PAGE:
Illustration by James the Stanton

Getting Real With Stock Pot Images

Ophelia Chong started her business to give exposure to cannabis culture as it is.

The photographs look as though they could have been taken for a wine ad or a tourism brochure. Many of the subjects are women; normal women, laughing, hanging out at the ocean, reading a book, just living. They are almost unremarkable—aside from the joint in the subject’s hand.

These are just a few of the images being produced by Stock Pot Images, a Los Angeles-based company that is helping to change the way cannabis is portrayed in the media.

“Imagery changes opinions,” says Stock Pot mastermind Ophelia Chong. “It changes how we view the world—for instance, the images of war from the Civil War to the turmoil in Syria. If we can put a human face on the issues, we have then made inroads to universal understanding.”

Marijuana usage has a long history of misrepresentation in the media, the resulting images often demeaning women and people of color, trivializing the benefits of using cannabis, and glossing over the realities of medicinal usage.

Getting marijuana right is important to Chong, which is why she works only with photographers, both professional and amateur, who understand how people actually live with cannabis. Their work—available to any media outlet or individual user for a one-time price—includes images of plants and plant parts; farms; food and beverages with cannabis; and clothing and other merchandise, as well as a beautiful collection of portraits of cannabis enthusiasts from all walks of life, including cannabis celebrities like Jorge Cervantes, Laganja Estranja, and Melissa Etheridge.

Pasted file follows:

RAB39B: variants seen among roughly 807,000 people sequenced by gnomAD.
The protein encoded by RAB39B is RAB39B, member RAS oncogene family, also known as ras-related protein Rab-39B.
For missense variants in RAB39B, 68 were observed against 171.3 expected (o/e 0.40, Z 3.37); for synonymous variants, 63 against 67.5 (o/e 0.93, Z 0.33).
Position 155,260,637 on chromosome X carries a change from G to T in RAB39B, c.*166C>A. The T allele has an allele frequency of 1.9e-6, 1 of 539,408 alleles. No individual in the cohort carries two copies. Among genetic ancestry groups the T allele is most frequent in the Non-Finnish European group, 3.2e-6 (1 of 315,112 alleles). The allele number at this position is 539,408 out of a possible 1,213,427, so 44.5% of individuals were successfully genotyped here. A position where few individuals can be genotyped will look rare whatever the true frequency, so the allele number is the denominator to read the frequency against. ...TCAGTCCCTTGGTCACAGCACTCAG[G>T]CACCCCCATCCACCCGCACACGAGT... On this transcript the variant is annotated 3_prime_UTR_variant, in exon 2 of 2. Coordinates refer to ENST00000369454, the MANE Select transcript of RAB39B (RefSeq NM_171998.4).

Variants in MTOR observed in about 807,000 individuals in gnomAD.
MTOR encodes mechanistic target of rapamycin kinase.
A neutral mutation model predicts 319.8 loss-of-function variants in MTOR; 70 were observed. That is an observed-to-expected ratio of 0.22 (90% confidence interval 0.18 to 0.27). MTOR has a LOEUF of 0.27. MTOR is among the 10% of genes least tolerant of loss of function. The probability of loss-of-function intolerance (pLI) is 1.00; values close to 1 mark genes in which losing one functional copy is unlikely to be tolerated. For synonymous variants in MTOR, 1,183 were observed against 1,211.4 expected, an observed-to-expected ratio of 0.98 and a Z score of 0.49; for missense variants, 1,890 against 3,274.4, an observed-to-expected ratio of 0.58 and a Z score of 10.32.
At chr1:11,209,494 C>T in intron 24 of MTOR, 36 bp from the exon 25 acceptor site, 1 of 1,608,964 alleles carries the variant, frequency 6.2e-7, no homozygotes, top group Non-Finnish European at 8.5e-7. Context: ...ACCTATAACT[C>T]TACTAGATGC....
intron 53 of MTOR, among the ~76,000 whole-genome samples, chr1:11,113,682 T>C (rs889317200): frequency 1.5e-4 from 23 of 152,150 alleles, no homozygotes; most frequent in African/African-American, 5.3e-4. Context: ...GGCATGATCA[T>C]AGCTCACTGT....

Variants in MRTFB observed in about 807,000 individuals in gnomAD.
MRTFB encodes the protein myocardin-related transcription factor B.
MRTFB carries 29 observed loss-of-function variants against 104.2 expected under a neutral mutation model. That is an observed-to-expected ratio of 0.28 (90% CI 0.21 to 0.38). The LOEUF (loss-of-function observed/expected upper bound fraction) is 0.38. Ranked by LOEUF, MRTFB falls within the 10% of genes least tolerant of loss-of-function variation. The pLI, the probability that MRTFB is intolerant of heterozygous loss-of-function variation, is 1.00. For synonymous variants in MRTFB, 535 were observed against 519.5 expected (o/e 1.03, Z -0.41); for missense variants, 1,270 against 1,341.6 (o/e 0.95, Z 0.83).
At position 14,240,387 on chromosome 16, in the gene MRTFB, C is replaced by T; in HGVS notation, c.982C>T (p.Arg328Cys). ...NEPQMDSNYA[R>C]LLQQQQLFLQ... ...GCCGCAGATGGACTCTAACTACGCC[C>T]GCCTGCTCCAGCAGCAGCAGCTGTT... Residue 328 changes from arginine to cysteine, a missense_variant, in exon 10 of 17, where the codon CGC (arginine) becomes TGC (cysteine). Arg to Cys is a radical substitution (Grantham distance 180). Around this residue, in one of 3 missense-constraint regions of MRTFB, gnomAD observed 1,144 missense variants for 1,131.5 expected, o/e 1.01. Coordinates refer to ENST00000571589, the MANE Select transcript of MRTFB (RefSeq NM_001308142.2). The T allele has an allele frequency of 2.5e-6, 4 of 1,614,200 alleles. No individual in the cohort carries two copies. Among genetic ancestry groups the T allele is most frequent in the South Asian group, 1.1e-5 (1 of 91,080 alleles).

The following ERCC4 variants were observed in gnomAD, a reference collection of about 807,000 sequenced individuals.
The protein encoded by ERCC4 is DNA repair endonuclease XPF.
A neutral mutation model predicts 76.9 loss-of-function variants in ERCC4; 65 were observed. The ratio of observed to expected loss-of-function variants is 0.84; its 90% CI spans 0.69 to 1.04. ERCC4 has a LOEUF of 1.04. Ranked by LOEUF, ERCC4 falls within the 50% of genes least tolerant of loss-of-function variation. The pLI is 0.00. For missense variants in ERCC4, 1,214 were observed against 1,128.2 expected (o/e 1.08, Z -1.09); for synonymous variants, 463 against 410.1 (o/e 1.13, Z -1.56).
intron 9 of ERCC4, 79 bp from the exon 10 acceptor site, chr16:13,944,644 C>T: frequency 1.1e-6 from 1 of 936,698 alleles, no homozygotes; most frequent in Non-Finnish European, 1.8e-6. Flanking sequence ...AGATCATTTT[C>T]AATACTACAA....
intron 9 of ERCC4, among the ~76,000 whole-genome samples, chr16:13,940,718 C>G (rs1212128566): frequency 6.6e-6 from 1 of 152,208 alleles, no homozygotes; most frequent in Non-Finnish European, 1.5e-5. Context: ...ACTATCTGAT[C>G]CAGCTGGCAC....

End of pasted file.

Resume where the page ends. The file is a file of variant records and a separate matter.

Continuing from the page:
Chong’s resume reads like a how-to list for anyone wishing to dominate in the field of photography and design direction. Ray Gun, Strand Releasing, the Slamdance Film Festival, Outfest, and the Los Angeles Independent Film Festival are but a few of the lucky organizations that have benefitted from her talents over the past two decades. Stock Pot Images is her latest “metamorphosis.”

After years of working in film, music, and fashion, a personal experience galvanized Chang’s focus shift to cannabis: “Seeing my sister use it to help combat her autoimmune disease,” she says, “I looked at her and thought, ‘That does not look like the stereotype stoner we’ve been fed for the last 80 years.’ ”

The “Aha!” moment came during a routine dog walk. “I thought, ‘What do I have here? Stock [photos] and pot . . . bingo.’ I quickly checked online for the url, Twitter, and Instagram—no one had it! So it was meant to be. From there it was a mission to demystify, destigmatize, and to create a library of images that speak the truth.”

Chong, who does not draw a salary from her work, takes her mission seriously. She understands the stigma around illicit drug use on a deep cultural level. “In the Asian-American community, it is seen differently by the generations,” she says. “I’ve met some that are vehemently against cannabis; it goes against their philosophy of family and respect for the law.”

This hesitation to openly affiliate oneself with weed is pervasive in many POC communities. “Coming out green” is risky business when cannabis is considered an illicit drug by the federal government and is completely illegal in 26 states. Chong knows that showing cannabis in an honest light is not to be taken lightly.

“Imagine holding a joint, having your photograph taken for stock, and wondering, ‘Will I be arrested or harassed for this?’ To be photographed with cannabis is a brave move.” MEAGAN ANGUS

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